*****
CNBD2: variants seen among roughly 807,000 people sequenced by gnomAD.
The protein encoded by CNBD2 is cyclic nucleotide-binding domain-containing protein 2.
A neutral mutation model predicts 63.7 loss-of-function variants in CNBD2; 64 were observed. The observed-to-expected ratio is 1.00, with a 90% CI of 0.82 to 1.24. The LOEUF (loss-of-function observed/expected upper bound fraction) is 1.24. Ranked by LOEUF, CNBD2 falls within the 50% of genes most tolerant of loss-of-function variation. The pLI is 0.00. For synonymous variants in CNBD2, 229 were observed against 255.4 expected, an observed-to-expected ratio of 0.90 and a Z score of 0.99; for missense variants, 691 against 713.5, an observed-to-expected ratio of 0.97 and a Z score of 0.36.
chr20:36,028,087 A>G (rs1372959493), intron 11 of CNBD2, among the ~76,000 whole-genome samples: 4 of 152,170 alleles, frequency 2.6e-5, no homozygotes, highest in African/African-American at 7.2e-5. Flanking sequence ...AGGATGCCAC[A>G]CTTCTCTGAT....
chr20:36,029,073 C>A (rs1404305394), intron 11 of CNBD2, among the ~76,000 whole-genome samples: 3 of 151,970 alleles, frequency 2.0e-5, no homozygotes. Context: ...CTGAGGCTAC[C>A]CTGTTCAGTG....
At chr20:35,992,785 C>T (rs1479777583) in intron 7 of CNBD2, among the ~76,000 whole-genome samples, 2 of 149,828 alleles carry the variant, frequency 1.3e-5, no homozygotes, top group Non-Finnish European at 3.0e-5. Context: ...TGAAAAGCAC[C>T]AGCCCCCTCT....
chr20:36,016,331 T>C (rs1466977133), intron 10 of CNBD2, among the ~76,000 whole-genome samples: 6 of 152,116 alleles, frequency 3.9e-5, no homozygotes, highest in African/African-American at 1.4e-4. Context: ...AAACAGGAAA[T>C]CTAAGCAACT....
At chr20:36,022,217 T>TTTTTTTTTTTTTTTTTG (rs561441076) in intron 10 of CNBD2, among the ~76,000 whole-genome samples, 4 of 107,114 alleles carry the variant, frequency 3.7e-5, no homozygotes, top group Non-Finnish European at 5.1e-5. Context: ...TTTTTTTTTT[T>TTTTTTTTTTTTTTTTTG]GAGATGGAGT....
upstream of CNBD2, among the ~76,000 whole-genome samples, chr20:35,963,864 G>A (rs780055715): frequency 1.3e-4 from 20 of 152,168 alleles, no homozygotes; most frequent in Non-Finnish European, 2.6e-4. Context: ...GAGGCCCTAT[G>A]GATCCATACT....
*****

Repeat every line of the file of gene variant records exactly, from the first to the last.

CNBD2: variants seen among roughly 807,000 people sequenced by gnomAD.
The protein encoded by CNBD2 is cyclic nucleotide-binding domain-containing protein 2.
A neutral mutation model predicts 63.7 loss-of-function variants in CNBD2; 64 were observed. The observed-to-expected ratio is 1.00, with a 90% CI of 0.82 to 1.24. The LOEUF (loss-of-function observed/expected upper bound fraction) is 1.24. Ranked by LOEUF, CNBD2 falls within the 50% of genes most tolerant of loss-of-function variation. The pLI is 0.00. For synonymous variants in CNBD2, 229 were observed against 255.4 expected, an observed-to-expected ratio of 0.90 and a Z score of 0.99; for missense variants, 691 against 713.5, an observed-to-expected ratio of 0.97 and a Z score of 0.36.
chr20:36,028,087 A>G (rs1372959493), intron 11 of CNBD2, among the ~76,000 whole-genome samples: 4 of 152,170 alleles, frequency 2.6e-5, no homozygotes, highest in African/African-American at 7.2e-5. Flanking sequence ...AGGATGCCAC[A>G]CTTCTCTGAT....
chr20:36,029,073 C>A (rs1404305394), intron 11 of CNBD2, among the ~76,000 whole-genome samples: 3 of 151,970 alleles, frequency 2.0e-5, no homozygotes. Context: ...CTGAGGCTAC[C>A]CTGTTCAGTG....
At chr20:35,992,785 C>T (rs1479777583) in intron 7 of CNBD2, among the ~76,000 whole-genome samples, 2 of 149,828 alleles carry the variant, frequency 1.3e-5, no homozygotes, top group Non-Finnish European at 3.0e-5. Context: ...TGAAAAGCAC[C>T]AGCCCCCTCT....
chr20:36,016,331 T>C (rs1466977133), intron 10 of CNBD2, among the ~76,000 whole-genome samples: 6 of 152,116 alleles, frequency 3.9e-5, no homozygotes, highest in African/African-American at 1.4e-4. Context: ...AAACAGGAAA[T>C]CTAAGCAACT....
At chr20:36,022,217 T>TTTTTTTTTTTTTTTTTG (rs561441076) in intron 10 of CNBD2, among the ~76,000 whole-genome samples, 4 of 107,114 alleles carry the variant, frequency 3.7e-5, no homozygotes, top group Non-Finnish European at 5.1e-5. Context: ...TTTTTTTTTT[T>TTTTTTTTTTTTTTTTTG]GAGATGGAGT....
upstream of CNBD2, among the ~76,000 whole-genome samples, chr20:35,963,864 G>A (rs780055715): frequency 1.3e-4 from 20 of 152,168 alleles, no homozygotes; most frequent in Non-Finnish European, 2.6e-4. Context: ...GAGGCCCTAT[G>A]GATCCATACT....